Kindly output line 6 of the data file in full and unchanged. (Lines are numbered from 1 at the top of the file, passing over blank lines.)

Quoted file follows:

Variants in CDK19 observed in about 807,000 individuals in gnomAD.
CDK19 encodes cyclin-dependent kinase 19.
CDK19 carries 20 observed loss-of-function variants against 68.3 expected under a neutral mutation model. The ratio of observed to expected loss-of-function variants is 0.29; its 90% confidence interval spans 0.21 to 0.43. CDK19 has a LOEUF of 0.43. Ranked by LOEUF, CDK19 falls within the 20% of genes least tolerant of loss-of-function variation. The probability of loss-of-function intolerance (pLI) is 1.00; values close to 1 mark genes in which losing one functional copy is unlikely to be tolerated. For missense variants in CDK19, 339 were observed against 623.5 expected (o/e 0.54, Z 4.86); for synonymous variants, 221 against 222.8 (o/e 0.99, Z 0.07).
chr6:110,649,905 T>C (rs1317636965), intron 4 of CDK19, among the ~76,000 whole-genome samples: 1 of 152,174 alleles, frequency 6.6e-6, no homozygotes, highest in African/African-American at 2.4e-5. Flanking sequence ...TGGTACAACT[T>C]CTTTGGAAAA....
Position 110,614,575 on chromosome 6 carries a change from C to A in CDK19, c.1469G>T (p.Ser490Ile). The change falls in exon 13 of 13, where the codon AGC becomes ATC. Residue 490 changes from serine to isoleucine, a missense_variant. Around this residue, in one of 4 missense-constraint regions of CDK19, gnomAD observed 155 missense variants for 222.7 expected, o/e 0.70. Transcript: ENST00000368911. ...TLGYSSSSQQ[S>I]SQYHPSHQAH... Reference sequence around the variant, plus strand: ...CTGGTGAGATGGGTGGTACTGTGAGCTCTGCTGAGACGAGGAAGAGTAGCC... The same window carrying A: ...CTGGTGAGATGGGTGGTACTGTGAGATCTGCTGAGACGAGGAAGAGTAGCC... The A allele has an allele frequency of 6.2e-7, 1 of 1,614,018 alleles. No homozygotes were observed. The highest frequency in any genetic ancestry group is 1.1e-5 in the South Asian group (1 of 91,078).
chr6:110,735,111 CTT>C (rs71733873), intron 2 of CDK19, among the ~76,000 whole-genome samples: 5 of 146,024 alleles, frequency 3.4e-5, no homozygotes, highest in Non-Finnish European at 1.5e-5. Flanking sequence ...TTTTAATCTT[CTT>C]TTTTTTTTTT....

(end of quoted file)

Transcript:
chr6:110,735,111 CTT>C (rs71733873), intron 2 of CDK19, among the ~76,000 whole-genome samples: 5 of 146,024 alleles, frequency 3.4e-5, no homozygotes, highest in Non-Finnish European at 1.5e-5. Flanking sequence ...TTTTAATCTT[CTT>C]TTTTTTTTTT....